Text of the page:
06 January 2013
The Economic Council and the Danish model
On the 6th and 7th of December 2012, the Economic Council of Denmark (Det Økonomiske Råd) hosted a conference celebrating their 50th anniversary. On that occasion, an anniversary-book was published. Researchers from FAOS have contributed with an article regarding the historical role of the Economic Council in relation to the Danish labour market model.
This article stress that the Danish labour market model, including the relations between the Council and the different labour market parties, are dynamic and can therefore be perceived as processes. It is particularly changes in the actions of trade unions and employers’ associations that have been crucial in determining the Council’s role in relation to the regulations of the labour market.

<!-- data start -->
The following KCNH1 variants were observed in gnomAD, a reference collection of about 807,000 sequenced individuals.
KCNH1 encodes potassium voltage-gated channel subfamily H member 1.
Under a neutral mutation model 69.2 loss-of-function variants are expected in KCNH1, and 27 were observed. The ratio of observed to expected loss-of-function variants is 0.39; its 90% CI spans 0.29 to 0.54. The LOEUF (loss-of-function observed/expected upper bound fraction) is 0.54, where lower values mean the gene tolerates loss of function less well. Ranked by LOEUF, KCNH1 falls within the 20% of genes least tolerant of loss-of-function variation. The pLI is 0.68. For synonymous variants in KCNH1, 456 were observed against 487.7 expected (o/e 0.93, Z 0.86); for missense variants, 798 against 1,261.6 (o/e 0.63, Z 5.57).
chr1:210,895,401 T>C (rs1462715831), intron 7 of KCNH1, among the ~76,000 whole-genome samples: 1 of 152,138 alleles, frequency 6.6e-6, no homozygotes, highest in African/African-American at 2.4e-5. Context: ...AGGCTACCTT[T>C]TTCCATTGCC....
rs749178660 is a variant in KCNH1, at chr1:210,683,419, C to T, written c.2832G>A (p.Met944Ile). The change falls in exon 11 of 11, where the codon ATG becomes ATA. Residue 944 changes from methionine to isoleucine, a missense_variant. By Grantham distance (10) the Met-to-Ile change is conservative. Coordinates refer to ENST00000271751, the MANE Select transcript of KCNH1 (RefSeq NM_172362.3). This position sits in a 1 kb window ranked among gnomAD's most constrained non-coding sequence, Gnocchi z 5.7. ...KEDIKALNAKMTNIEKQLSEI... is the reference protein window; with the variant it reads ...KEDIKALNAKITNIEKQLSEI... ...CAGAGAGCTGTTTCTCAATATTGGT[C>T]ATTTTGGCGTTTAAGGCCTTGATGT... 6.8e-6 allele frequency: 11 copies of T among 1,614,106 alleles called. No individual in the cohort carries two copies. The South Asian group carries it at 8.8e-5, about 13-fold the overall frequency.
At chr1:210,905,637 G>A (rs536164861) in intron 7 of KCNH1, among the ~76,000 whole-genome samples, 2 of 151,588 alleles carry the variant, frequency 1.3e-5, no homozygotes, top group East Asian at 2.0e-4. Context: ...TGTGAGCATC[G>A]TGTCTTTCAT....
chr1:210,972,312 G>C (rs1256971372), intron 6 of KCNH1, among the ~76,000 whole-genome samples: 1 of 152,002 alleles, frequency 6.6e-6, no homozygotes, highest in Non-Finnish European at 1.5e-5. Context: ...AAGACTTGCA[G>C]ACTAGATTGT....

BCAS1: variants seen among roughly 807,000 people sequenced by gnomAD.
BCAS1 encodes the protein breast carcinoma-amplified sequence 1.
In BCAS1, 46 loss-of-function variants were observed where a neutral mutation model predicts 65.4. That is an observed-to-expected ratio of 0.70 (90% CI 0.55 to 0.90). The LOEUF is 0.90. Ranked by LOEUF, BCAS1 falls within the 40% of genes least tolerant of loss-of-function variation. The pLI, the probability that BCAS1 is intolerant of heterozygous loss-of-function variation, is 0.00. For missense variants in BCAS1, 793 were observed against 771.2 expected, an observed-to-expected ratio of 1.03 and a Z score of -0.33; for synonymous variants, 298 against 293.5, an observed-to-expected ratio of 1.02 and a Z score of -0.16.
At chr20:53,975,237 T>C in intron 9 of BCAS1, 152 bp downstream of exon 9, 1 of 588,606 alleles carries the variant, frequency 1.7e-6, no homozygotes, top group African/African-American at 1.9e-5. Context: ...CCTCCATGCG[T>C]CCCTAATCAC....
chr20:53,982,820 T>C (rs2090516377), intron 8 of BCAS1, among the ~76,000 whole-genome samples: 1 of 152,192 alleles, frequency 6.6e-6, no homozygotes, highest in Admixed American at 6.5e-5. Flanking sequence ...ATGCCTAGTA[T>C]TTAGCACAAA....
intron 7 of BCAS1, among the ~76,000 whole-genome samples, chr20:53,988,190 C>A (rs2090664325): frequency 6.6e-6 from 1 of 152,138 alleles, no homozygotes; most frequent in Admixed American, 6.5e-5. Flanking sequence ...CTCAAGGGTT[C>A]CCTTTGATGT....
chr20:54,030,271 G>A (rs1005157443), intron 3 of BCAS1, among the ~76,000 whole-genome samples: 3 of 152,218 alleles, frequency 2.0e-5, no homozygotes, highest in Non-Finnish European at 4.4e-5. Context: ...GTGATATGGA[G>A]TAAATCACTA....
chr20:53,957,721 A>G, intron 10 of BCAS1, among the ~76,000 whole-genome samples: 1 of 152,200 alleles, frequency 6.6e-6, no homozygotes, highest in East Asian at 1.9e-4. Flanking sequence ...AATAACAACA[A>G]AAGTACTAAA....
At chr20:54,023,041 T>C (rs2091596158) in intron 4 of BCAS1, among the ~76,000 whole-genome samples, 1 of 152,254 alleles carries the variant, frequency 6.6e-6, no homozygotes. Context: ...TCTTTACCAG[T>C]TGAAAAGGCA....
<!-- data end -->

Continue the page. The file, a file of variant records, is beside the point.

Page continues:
The article divides the Council’s 50 years of history into three periods - each period dominated by distinct characteristics:
1. The 1960s and 1970s: a period dominated by a political discourse on income and attempts to establish a permanent ‘tripartite regulation’ which would limit social partners’ self-regulation.
2. The 1980s, which was a transition period dominated by political abolition of the indexation, the great conflict of ’85, the economic adaptation and the joint statement in 1987.
3. The 1990s and onwards was a period characterised by so-called centralised decentralisation, which led to enhanced flexibility through extended possibilities of bargaining at company level. At the same time, the politically oriented welfare goods were increasingly a part of the collective agreements.
The early period is the main focus of the article, mainly because the Danish bargaining model faced various challenges during this period, which could have resulted in the Council having been given a more significant role with regard to the regulation of the Danish labour market.